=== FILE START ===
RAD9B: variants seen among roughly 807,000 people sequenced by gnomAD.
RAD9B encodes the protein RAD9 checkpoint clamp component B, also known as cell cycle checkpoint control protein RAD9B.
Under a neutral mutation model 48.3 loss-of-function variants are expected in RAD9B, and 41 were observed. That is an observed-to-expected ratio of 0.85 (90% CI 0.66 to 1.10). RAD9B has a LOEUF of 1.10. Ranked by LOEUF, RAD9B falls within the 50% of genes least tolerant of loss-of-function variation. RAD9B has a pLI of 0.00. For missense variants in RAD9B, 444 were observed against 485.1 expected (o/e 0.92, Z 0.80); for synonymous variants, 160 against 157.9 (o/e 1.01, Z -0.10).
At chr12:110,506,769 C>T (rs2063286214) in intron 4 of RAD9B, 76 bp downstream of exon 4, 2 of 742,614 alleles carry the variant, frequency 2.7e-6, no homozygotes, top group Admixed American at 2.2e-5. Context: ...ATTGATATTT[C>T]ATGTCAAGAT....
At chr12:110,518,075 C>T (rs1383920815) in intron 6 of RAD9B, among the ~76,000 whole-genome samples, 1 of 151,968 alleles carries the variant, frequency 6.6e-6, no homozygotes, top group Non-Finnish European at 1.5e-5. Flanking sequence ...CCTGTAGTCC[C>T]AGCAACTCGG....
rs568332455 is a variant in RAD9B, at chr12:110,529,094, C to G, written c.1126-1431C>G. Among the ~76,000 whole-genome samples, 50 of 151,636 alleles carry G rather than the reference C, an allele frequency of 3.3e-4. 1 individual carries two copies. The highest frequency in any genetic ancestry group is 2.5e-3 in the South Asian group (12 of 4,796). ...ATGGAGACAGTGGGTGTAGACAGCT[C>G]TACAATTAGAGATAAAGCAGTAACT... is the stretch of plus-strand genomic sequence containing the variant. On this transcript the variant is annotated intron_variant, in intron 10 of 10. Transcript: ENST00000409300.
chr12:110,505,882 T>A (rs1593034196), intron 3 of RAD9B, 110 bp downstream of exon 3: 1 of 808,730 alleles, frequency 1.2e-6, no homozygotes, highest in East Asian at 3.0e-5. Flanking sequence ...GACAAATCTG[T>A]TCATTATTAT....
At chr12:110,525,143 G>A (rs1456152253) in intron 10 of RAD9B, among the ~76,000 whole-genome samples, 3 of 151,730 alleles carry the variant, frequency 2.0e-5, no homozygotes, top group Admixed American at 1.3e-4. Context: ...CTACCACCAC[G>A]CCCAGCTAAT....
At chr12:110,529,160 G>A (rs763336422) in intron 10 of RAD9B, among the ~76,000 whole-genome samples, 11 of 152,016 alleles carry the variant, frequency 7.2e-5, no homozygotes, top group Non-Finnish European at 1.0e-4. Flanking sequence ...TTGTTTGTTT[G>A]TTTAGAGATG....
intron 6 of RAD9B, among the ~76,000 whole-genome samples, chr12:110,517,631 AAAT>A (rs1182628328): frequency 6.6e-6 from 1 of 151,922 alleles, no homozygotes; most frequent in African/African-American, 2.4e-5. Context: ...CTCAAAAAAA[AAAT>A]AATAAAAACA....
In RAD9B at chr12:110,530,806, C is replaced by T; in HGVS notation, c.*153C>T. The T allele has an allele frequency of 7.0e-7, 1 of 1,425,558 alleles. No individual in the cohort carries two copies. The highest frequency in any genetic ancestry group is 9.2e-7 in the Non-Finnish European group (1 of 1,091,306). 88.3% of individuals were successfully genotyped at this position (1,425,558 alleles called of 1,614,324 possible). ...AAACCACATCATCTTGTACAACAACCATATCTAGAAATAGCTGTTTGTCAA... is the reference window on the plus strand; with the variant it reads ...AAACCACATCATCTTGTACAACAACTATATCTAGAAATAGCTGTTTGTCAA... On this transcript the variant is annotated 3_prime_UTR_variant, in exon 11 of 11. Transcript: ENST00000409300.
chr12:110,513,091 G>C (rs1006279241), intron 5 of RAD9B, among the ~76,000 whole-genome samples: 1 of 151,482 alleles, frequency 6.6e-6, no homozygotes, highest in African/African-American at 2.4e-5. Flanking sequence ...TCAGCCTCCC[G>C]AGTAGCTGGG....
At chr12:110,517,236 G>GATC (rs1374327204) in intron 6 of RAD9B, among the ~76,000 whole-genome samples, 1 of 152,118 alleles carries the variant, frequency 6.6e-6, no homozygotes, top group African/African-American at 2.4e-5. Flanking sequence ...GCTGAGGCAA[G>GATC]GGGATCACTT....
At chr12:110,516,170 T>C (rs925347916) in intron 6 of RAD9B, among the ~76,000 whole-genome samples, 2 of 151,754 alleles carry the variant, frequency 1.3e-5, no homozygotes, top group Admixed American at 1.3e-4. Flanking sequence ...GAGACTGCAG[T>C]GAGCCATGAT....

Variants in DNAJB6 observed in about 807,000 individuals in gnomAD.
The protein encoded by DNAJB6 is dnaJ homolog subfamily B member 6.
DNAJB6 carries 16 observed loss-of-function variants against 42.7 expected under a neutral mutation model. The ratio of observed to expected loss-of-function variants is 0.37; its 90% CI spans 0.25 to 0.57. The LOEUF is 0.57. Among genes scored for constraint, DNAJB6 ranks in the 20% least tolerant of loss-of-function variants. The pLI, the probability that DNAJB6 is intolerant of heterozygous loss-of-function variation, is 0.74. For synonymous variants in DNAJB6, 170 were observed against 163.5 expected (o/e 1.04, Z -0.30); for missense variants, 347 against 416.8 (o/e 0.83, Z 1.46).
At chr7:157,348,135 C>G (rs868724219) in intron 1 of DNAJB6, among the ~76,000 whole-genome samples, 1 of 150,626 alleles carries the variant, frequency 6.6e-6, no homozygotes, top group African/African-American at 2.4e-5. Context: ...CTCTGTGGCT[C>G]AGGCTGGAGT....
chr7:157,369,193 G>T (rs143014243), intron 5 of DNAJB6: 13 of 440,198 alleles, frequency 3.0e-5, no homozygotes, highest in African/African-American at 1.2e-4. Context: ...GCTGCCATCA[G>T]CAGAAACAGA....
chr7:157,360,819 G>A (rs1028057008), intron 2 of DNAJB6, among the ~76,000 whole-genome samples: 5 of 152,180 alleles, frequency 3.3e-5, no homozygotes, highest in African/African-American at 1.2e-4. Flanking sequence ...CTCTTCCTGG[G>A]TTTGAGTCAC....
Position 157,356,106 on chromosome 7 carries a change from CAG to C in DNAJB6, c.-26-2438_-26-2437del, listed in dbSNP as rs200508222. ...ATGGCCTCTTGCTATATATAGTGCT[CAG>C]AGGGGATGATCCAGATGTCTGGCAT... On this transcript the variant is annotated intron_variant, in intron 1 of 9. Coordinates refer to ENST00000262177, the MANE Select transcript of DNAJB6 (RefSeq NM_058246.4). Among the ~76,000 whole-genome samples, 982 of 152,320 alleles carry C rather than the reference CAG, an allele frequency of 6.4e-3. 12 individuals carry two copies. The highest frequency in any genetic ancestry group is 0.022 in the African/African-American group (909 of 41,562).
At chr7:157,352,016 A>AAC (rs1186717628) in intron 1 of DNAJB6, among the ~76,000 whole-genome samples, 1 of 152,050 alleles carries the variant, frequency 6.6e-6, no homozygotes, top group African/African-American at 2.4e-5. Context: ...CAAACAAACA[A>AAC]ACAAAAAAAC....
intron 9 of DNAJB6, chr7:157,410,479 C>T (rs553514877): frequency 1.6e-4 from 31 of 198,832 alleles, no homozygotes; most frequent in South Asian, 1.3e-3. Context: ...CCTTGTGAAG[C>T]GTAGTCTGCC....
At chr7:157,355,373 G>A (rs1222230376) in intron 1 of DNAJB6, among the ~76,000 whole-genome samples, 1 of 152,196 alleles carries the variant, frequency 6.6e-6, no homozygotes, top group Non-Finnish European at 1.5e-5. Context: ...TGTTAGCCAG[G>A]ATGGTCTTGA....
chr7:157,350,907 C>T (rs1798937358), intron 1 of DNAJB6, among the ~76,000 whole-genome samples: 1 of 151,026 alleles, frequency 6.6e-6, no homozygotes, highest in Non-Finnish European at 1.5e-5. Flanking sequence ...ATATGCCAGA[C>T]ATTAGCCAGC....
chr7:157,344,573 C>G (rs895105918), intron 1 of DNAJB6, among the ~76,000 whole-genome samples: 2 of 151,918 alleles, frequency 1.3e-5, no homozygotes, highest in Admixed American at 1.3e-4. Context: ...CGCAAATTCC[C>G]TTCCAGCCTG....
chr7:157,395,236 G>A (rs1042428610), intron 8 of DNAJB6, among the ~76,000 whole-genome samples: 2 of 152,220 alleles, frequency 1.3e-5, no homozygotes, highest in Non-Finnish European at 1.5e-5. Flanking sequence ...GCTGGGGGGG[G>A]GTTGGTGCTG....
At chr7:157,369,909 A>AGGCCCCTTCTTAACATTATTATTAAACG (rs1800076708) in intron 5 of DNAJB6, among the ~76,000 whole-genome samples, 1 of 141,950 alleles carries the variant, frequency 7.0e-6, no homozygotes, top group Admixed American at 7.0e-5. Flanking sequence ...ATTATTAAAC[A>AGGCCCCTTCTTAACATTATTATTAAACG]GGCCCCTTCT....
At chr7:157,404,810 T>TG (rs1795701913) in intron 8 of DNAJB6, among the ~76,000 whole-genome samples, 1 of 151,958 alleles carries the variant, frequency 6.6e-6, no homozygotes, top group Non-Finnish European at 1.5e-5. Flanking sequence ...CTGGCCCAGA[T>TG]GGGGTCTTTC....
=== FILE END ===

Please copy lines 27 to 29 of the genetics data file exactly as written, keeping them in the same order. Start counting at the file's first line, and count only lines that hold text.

chr7:157,395,236 G>A (rs1042428610), intron 8 of DNAJB6, among the ~76,000 whole-genome samples: 2 of 152,220 alleles, frequency 1.3e-5, no homozygotes, highest in Non-Finnish European at 1.5e-5. Flanking sequence ...GCTGGGGGGG[G>A]GTTGGTGCTG....
At chr7:157,369,909 A>AGGCCCCTTCTTAACATTATTATTAAACG (rs1800076708) in intron 5 of DNAJB6, among the ~76,000 whole-genome samples, 1 of 141,950 alleles carries the variant, frequency 7.0e-6, no homozygotes, top group Admixed American at 7.0e-5. Flanking sequence ...ATTATTAAAC[A>AGGCCCCTTCTTAACATTATTATTAAACG]GGCCCCTTCT....
At chr7:157,404,810 T>TG (rs1795701913) in intron 8 of DNAJB6, among the ~76,000 whole-genome samples, 1 of 151,958 alleles carries the variant, frequency 6.6e-6, no homozygotes, top group Non-Finnish European at 1.5e-5. Flanking sequence ...CTGGCCCAGA[T>TG]GGGGTCTTTC....